‘Security concerns’: Russia denies troop buildup at Ukraine border


The Kremlin on Friday denied a statement by NATO suggesting Russia was building up troops on the frontier with Ukraine but said Moscow had brought in more border guards because of security concerns.

NATO Secretary-General Anders Fogh Rasmussen said on Thursday that at least a few thousand more Russian troops were now at the frontier, and called it a regrettable step backwards following an earlier withdrawal from the border.

‘I can confirm that we now see a new Russian military buildup along the Ukrainian border. At least a few thousand more Russian troops are now deployed to the Ukrainian border. We see troop manoeuvres in the neighbourhood of Ukraine. Of course, I have to say that if they are deployed to seal the border and stop the flow of weapons and equipment from Russia into Ukraine, it would be a positive step. But I also have to say that’s not exactly what we are seeing. So I consider this a very regrettable step backwards. It seems that Russia keeps the option open to intervene further into Ukraine,’ Mr Rasmussen said at Chatham House, London on June, 19.

In his turn, Yuri Ushakov, President Vladimir Putin‘s foreign policy adviser, told reporters there had been no buildup.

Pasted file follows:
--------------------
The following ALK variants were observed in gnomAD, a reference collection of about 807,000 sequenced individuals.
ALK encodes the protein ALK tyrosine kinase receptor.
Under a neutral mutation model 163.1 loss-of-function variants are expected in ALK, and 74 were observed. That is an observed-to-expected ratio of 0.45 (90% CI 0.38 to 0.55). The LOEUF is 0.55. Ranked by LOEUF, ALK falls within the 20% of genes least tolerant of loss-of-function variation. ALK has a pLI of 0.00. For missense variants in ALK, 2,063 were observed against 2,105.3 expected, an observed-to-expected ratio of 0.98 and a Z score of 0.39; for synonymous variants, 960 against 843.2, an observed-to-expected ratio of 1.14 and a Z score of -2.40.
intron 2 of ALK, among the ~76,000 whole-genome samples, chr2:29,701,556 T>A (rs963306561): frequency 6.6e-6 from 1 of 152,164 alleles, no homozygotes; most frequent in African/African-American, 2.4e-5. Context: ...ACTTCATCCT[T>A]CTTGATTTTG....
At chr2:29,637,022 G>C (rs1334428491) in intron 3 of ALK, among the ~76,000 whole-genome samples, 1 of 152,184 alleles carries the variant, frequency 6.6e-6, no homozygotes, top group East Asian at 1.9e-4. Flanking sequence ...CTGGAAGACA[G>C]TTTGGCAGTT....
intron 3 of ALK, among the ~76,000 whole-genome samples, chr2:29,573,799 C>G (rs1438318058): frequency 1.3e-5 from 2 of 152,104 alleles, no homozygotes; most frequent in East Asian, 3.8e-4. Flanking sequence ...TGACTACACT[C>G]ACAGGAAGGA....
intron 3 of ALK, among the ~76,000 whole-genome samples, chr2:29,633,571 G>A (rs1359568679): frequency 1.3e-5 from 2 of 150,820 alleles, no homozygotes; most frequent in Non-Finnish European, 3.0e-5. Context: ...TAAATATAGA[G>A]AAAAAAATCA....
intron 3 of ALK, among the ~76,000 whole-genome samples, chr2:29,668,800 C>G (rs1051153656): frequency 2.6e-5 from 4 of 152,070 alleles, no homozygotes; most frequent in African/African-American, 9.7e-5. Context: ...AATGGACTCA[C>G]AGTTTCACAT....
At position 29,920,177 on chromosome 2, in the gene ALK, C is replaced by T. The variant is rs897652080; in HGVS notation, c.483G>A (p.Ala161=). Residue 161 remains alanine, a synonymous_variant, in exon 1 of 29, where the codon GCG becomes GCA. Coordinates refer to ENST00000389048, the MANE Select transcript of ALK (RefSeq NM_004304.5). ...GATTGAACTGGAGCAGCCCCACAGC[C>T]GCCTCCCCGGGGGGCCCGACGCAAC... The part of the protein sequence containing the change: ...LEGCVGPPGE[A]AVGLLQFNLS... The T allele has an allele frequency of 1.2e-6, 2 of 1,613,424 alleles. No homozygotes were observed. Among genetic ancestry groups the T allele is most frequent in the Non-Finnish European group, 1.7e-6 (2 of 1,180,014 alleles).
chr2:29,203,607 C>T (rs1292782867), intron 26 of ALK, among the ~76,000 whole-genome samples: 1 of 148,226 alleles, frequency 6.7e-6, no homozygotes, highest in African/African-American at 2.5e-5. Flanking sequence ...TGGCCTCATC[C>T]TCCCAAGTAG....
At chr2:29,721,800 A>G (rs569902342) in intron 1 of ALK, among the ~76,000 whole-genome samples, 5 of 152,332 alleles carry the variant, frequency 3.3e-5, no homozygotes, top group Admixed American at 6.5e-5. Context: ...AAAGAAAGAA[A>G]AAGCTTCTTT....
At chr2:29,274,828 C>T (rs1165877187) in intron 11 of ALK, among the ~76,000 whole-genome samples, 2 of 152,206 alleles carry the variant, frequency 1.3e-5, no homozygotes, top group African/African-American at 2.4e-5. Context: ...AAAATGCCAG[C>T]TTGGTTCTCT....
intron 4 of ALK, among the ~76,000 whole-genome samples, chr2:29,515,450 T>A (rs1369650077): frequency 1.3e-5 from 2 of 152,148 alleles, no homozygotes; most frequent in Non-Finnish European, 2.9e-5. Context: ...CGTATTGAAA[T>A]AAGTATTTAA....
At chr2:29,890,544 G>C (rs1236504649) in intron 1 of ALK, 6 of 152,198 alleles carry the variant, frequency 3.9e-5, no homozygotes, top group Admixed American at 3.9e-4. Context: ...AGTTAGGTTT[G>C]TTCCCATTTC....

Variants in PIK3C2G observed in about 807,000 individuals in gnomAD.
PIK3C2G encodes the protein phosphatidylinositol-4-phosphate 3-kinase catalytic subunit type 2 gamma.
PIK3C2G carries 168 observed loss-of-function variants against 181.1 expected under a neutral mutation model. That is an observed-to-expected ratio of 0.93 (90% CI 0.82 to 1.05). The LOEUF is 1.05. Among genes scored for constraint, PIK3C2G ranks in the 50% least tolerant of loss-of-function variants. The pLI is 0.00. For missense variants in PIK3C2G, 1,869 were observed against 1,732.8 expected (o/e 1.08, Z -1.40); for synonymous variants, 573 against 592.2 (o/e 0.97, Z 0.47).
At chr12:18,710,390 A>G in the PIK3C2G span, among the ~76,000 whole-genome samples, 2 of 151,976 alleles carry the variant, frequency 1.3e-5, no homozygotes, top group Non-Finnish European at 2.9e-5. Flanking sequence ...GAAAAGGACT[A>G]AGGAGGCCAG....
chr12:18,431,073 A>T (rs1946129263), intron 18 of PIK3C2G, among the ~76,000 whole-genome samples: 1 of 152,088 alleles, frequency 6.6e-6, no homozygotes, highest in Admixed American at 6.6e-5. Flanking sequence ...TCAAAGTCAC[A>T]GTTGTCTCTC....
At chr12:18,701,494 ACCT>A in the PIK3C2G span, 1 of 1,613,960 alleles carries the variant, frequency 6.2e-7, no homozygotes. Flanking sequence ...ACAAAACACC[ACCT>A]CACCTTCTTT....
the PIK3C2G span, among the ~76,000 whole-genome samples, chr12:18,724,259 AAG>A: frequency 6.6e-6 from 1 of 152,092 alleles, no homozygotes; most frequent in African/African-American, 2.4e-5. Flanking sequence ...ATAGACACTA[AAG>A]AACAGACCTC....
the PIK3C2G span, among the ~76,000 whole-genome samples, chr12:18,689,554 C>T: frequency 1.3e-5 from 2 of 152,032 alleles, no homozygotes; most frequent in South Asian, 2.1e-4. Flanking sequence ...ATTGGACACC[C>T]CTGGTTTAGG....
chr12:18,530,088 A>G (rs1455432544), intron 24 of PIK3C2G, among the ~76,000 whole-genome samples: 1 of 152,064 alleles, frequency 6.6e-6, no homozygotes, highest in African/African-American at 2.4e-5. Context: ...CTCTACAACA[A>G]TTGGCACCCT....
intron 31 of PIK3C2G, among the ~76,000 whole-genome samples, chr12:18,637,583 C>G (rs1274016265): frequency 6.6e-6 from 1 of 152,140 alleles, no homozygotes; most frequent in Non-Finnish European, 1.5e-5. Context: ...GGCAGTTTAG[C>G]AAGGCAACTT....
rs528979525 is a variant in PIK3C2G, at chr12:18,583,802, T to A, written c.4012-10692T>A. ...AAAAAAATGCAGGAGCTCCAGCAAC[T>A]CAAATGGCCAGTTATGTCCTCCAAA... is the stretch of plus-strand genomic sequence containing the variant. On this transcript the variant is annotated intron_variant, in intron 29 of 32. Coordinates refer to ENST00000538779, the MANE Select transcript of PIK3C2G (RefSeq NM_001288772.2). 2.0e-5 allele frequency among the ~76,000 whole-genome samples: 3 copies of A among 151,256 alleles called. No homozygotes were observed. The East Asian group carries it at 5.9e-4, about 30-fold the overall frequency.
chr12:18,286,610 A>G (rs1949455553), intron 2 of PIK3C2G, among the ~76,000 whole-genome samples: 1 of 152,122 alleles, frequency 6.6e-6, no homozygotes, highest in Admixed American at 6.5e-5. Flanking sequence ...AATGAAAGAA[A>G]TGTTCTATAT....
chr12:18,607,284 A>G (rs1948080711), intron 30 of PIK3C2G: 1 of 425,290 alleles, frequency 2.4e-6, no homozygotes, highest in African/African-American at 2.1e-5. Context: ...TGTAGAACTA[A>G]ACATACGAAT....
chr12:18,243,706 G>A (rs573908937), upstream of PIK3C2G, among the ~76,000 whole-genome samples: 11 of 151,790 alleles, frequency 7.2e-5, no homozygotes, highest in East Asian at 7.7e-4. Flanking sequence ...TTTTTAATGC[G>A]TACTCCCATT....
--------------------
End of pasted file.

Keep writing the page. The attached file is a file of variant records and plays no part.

He said Russia was concerned about security at the border and added: ‘This means just the border guards are getting a few reinforcements, and troops have been withdrawn.’

After Moscow annexed Ukraine’s Crimea region in March, NATO said Russia had massed some 40,000 troops near the Ukrainian border. It withdrew the vast majority of them until just one unit and 1,000 troops remained about a week ago.

Ushakov said Putin had informed French President Francois Hollande and German Chancellor Angela Merkel of this by telephone, adding that the three leaders would hold another three-way call soon. He said Putin also planned another phone call with U.S. President Barack Obama but gave no details.

Putin spoke on Thursday with Ukrainian President Petro Poroshenko, who is trying to win support for peace proposals to end an uprising by pro-Russian separatists in eastern Ukraine.

www.belsat.eu/en, via Reuters.com

See also
Comments